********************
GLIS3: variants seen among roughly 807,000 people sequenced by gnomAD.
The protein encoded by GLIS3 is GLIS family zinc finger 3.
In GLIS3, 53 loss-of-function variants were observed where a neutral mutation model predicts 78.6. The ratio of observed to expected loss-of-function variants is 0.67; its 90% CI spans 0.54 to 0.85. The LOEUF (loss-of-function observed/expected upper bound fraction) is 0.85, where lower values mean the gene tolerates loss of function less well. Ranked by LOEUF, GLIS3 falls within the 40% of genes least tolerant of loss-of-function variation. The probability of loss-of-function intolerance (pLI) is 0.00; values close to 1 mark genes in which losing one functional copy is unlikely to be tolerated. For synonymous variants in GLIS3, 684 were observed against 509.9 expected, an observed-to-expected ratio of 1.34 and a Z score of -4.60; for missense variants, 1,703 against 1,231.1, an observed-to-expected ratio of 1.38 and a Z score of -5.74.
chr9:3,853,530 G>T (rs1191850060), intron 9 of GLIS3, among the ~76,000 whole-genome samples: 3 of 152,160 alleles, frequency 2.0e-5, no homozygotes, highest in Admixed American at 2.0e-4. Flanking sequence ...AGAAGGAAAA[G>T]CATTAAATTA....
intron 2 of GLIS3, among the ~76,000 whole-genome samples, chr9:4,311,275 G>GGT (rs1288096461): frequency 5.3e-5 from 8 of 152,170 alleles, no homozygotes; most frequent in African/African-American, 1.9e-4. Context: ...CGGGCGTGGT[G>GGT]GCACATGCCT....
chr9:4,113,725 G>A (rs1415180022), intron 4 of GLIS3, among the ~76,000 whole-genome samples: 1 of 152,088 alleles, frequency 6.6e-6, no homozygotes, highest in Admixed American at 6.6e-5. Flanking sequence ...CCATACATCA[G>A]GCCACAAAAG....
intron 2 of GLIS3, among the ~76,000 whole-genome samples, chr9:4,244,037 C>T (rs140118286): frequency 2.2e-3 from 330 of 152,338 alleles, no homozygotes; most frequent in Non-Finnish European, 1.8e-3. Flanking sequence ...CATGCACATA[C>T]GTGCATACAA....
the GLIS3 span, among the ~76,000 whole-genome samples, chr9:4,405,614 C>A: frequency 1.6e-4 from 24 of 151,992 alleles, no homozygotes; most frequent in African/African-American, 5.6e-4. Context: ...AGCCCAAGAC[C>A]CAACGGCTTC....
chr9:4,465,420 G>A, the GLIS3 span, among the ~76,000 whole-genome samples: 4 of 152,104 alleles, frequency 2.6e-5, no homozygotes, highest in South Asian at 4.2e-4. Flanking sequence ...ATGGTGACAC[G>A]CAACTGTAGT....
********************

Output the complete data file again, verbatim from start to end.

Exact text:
GLIS3: variants seen among roughly 807,000 people sequenced by gnomAD.
The protein encoded by GLIS3 is GLIS family zinc finger 3.
In GLIS3, 53 loss-of-function variants were observed where a neutral mutation model predicts 78.6. The ratio of observed to expected loss-of-function variants is 0.67; its 90% CI spans 0.54 to 0.85. The LOEUF (loss-of-function observed/expected upper bound fraction) is 0.85, where lower values mean the gene tolerates loss of function less well. Ranked by LOEUF, GLIS3 falls within the 40% of genes least tolerant of loss-of-function variation. The probability of loss-of-function intolerance (pLI) is 0.00; values close to 1 mark genes in which losing one functional copy is unlikely to be tolerated. For synonymous variants in GLIS3, 684 were observed against 509.9 expected, an observed-to-expected ratio of 1.34 and a Z score of -4.60; for missense variants, 1,703 against 1,231.1, an observed-to-expected ratio of 1.38 and a Z score of -5.74.
chr9:3,853,530 G>T (rs1191850060), intron 9 of GLIS3, among the ~76,000 whole-genome samples: 3 of 152,160 alleles, frequency 2.0e-5, no homozygotes, highest in Admixed American at 2.0e-4. Flanking sequence ...AGAAGGAAAA[G>T]CATTAAATTA....
intron 2 of GLIS3, among the ~76,000 whole-genome samples, chr9:4,311,275 G>GGT (rs1288096461): frequency 5.3e-5 from 8 of 152,170 alleles, no homozygotes; most frequent in African/African-American, 1.9e-4. Context: ...CGGGCGTGGT[G>GGT]GCACATGCCT....
chr9:4,113,725 G>A (rs1415180022), intron 4 of GLIS3, among the ~76,000 whole-genome samples: 1 of 152,088 alleles, frequency 6.6e-6, no homozygotes, highest in Admixed American at 6.6e-5. Flanking sequence ...CCATACATCA[G>A]GCCACAAAAG....
intron 2 of GLIS3, among the ~76,000 whole-genome samples, chr9:4,244,037 C>T (rs140118286): frequency 2.2e-3 from 330 of 152,338 alleles, no homozygotes; most frequent in Non-Finnish European, 1.8e-3. Flanking sequence ...CATGCACATA[C>T]GTGCATACAA....
the GLIS3 span, among the ~76,000 whole-genome samples, chr9:4,405,614 C>A: frequency 1.6e-4 from 24 of 151,992 alleles, no homozygotes; most frequent in African/African-American, 5.6e-4. Context: ...AGCCCAAGAC[C>A]CAACGGCTTC....
chr9:4,465,420 G>A, the GLIS3 span, among the ~76,000 whole-genome samples: 4 of 152,104 alleles, frequency 2.6e-5, no homozygotes, highest in South Asian at 4.2e-4. Flanking sequence ...ATGGTGACAC[G>A]CAACTGTAGT....